Directed by Rick Famuyiwa
Review by Matt Heffernan
Taking on a giant crocodile and a naked Nicole Kidman is a far more deserving film that will be a distant third in the box office race. Actually, The Wood is playing in so few theaters that it will probably just barely make the top ten. What many people are going to miss is a very charming comedy about friendship and making your way into adulthood.
Roland (Taye Diggs) is about to get married, but is nowhere in sight. His mother asks his two best friends, Mike (Omar Epps) and Slim (Richard T. Jones) to go find him. They get a page from Roland's old girlfriend. Roland is drunk and at her house, trying to keep his bachelorhood. She wants no part of it, and Mike and Slim arrive to take him back. On their way, Roland gets sick in Slim's car, and they have to get their tuxedos cleaned. While they wait, they talk about high school and how they got through it.
Flash back to 1986. The first day of ninth grade and Mike has just moved to Englewood, CA ("The Wood") from North Carolina. He meets Roland and Slim and they quickly become friends. They continue to talk about going to a freshman dance and betting on who can get the most phone numbers from girls. Roland and Slim each got seven, but Mike got just one. However, it was from Alicia (Malinda Williams), a very pretty girl that they deem to be of more value than each list of seven girls, and Mike wins. Then they talk about their junior year, and how they make another bet. This time the winner is whoever loses his virginity first.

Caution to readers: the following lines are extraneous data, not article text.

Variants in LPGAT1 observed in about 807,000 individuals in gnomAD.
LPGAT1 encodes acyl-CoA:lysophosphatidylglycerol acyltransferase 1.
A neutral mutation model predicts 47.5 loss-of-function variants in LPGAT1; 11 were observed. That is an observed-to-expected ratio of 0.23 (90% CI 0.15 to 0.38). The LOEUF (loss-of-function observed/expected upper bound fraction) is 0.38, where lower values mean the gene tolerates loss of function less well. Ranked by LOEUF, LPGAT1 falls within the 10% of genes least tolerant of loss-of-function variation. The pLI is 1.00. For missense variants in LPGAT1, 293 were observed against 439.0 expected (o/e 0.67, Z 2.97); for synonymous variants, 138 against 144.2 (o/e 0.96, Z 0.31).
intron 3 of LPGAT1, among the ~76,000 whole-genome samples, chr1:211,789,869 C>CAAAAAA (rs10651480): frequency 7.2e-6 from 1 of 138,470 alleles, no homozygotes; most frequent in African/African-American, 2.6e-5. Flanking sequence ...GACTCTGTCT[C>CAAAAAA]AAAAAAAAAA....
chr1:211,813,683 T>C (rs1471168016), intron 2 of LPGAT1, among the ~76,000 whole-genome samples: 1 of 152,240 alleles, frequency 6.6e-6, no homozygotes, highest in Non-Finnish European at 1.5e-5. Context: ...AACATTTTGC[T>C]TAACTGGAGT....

This film is more successful than American Pie because it is more centered. The other film went too far into zany comedy and then right into sappy sentimentality. The Wood could have gone farther, but it didn't. It did benefit by not going too far in either direction. The characters were stronger because they were more believable.
Sean Nelson, Trent Cameron, and Duane Finley were very good as the young Mike, Roland, and Slim. They had a far greater challenge than the adult actors because they had to span several years that bring a lot of changes to a teenage boy. Playing 14-year-olds and then 16-year-olds required a very strong understanding of the characters and how they changed.
The entire cast makes this a very enjoyable film, even if it doesn't try to go to the edge -- but it doesn't have to. Sometimes it's nice to just have a positive feeling.
For more information, go to the Internet Movie Database:
The Wood (1999)
Video Pick of the Week
Guide to Star Ratings
Review © 1999 Matt Heffernan